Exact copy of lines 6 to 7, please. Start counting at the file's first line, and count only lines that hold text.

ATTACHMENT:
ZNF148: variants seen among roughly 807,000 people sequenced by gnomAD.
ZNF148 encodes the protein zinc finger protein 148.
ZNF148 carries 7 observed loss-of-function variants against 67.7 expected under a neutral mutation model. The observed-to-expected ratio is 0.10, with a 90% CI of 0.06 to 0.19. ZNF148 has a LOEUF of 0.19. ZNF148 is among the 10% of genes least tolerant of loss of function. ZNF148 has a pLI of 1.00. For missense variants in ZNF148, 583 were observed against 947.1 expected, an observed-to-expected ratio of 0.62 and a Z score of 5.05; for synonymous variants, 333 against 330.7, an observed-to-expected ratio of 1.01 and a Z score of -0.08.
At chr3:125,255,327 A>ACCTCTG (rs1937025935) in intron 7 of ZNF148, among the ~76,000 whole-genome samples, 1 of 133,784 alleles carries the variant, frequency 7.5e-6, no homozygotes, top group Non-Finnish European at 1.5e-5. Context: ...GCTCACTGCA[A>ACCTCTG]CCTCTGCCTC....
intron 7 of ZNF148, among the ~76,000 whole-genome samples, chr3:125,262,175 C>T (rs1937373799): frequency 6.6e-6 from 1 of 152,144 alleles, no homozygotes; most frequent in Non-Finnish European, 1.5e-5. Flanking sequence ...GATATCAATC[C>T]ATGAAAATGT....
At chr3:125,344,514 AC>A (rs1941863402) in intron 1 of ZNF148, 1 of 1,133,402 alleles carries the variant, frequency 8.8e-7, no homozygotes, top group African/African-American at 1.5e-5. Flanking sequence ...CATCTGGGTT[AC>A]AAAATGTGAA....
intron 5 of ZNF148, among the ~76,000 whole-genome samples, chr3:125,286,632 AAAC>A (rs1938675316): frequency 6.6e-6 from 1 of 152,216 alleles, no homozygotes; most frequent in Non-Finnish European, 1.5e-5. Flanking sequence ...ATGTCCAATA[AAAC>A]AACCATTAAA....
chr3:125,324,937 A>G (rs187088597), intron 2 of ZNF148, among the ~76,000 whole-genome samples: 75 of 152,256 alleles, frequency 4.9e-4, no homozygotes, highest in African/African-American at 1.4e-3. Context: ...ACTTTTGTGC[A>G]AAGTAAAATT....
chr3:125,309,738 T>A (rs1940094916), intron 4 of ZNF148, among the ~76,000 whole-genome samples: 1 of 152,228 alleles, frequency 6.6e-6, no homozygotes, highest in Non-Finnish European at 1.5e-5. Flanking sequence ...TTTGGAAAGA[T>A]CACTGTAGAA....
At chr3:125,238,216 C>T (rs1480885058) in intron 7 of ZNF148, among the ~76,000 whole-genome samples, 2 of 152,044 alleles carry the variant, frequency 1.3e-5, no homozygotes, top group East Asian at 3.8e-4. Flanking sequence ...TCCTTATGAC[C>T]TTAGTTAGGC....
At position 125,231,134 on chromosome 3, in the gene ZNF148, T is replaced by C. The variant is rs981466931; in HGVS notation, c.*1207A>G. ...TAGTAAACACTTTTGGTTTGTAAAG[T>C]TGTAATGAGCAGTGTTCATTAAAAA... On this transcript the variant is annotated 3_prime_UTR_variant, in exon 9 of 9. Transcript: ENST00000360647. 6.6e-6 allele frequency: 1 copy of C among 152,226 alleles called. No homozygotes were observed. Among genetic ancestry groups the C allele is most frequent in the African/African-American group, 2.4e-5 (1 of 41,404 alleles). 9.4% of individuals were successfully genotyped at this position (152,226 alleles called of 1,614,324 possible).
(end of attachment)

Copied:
At chr3:125,344,514 AC>A (rs1941863402) in intron 1 of ZNF148, 1 of 1,133,402 alleles carries the variant, frequency 8.8e-7, no homozygotes, top group African/African-American at 1.5e-5. Flanking sequence ...CATCTGGGTT[AC>A]AAAATGTGAA....
intron 5 of ZNF148, among the ~76,000 whole-genome samples, chr3:125,286,632 AAAC>A (rs1938675316): frequency 6.6e-6 from 1 of 152,216 alleles, no homozygotes; most frequent in Non-Finnish European, 1.5e-5. Flanking sequence ...ATGTCCAATA[AAAC>A]AACCATTAAA....